Shooting the messenger?

1 April 2011
Shooting the messenger?

In the dock: Vicky Hamburger, Jenny Popplewell and Daniel Fromm, the makers of Big Fat Gypsy Weddings

It was designed to be a celebration of their stunning success. A chance to shine in front of their own and those that wanted to be like them. But when the producers of Big Fat Gypsy Weddings turned up at a Royal Television Society event on Wednesday they were horrified to find it was they that were soon put under the spotlight.

As they trotted out onto the stage, chests filled with pride at their stunning 9 million strong viewing figures, they told how wonderful life was for them now. Jes Wilkins, Vicky Hamburger, Jenny Popplewell and Daniel Fromm could not look more pleased with themselves. They told how they as intrepid reporters had entered a fascinating world thanks to a Liverpool seamstress to reveal the “secretive” and “closed” Gypsy community.

They had gone were no others had dared and found colourful Gypsy “characters”, exposed the deep injustices they faced and even pleased the King of the Gypsies. The public loved it, Channel 4 loved it and the Gypsies couldn’t get enough of it. Life was so good they were now opening an office in Los Angeles. But as soon as the dream was weaved, some oik at the back came crashing through it.

“Rubbish” booed one person, “this is just a whitewash!” screamed another and the spell was broken. The man from the Royal Television Society, which had refused Gypsies a place on the platform, protested that such interruptions just weren’t cricket. Sadly for him, Jes, Vicky, Jenny and Daniel, this transmission was live and direct. The 20 Romany Gypsies and Irish Travellers gathered weren’t content to be edited out anymore. And then the pent up wave of anger and frustration burst loose.

Romany woman and filmmaker Dee Cooper revealed how racist bullying had exploded across the country. Her own daughter who had already endured years of abuse was now forced to relive it.. Thanks to Firecracker Films, Dee’s daughter had been punched, drawn on and called pikey once again. When, she wondered, would Firecracker be donating some of their huge profits from selling this series and the next one to the kids whose live they had ruined?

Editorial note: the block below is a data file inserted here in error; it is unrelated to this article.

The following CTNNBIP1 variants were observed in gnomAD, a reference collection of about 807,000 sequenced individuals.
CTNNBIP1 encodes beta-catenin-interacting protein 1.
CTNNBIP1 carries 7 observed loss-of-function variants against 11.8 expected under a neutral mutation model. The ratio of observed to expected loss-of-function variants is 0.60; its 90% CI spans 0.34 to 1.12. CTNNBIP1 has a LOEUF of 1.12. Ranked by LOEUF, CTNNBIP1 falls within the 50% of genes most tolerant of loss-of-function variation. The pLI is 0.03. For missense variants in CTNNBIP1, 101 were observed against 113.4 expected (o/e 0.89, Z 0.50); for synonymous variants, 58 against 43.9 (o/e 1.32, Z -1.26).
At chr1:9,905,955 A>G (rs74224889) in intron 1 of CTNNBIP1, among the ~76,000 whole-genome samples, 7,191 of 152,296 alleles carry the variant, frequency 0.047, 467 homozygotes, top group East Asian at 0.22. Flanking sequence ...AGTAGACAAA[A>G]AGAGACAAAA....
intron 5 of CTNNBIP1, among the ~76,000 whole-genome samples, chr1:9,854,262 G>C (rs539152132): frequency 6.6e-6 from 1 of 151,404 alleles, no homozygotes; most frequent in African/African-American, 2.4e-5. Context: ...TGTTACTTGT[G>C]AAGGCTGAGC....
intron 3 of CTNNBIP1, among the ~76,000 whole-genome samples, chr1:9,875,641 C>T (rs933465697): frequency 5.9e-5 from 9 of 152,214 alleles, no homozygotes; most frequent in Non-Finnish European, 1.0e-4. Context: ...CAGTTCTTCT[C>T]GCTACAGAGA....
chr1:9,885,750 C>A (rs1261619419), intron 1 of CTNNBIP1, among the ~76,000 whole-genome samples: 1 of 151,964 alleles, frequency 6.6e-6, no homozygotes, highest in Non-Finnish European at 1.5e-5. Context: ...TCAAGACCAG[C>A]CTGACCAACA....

Gypsy pastor, Jackie Boyd, revealed how his own family also now had to hide their identity. “What you have done,” he told them, “may be a good thing in your community and you’ve obviously made alot of money out of it. But it has brought great shame and fear to mine.”

A lawyer and filmmaker who has represented Gypsies for years asked why they considered a dressmaker more of an expert than the community themselves. They couldn’t tell her. A Roma musician and author wondered why they had used Balkan Gypsy music at an Irish Traveller wedding. They simply couldn’t answer. The poor producers attempted to justify themselves, but found they had lost control. Their stage had turned into their dock and they were crestfallen. They looked at their feet hoping for a magic trap door that might whisk them away back to LA LA land.

“Why are they filming us!” squeeled Vicky, horrified to find herself an object of curiosity. Jenny asked those of the audience with “pure eyes” (as in not dirty Gypsy eyes?), if the series had made them want to go out and bully Gypsies. In a crowd this tough, who would dare admit that.

And then it was all over. But this is England and we’re civilised really, so it was claps rather than punches that were thrown. But as a parting shot it was revealed that no longer would the Gypsies being getting mad, but even, for they had struck a deal for an 8 hour series with another broadcaster. Jes, Vicky, Jenny and Daniel sloped off back to Chelsea their Big Fat Night Out now ruined.

Feel sorry for them? Well don’t. They’ve sold their programmes to broadcasters across Eastern Europe and the world and have now got another six hours to make for Channel 4. Then there are the Big Fat Gypsy Wedding books and DVDs coming out on the day of the royal wedding.

As they sat dejected and lonely on the tube home that night, I have to admit I felt a bit sorry for Jes, Vicky, Jenny and Daniel. They must have felt that we had simply “shot the messenger”. As a journalist I’d die for their right to tell the truth about any community, including my own. But when the messenger starts lying to line their own pockets, they deserve to be shot. Not by guns, of course, but cameras. The Iphone really is mightier than the armalite. In this open season on shooting Gypsies, don’t leave home without one.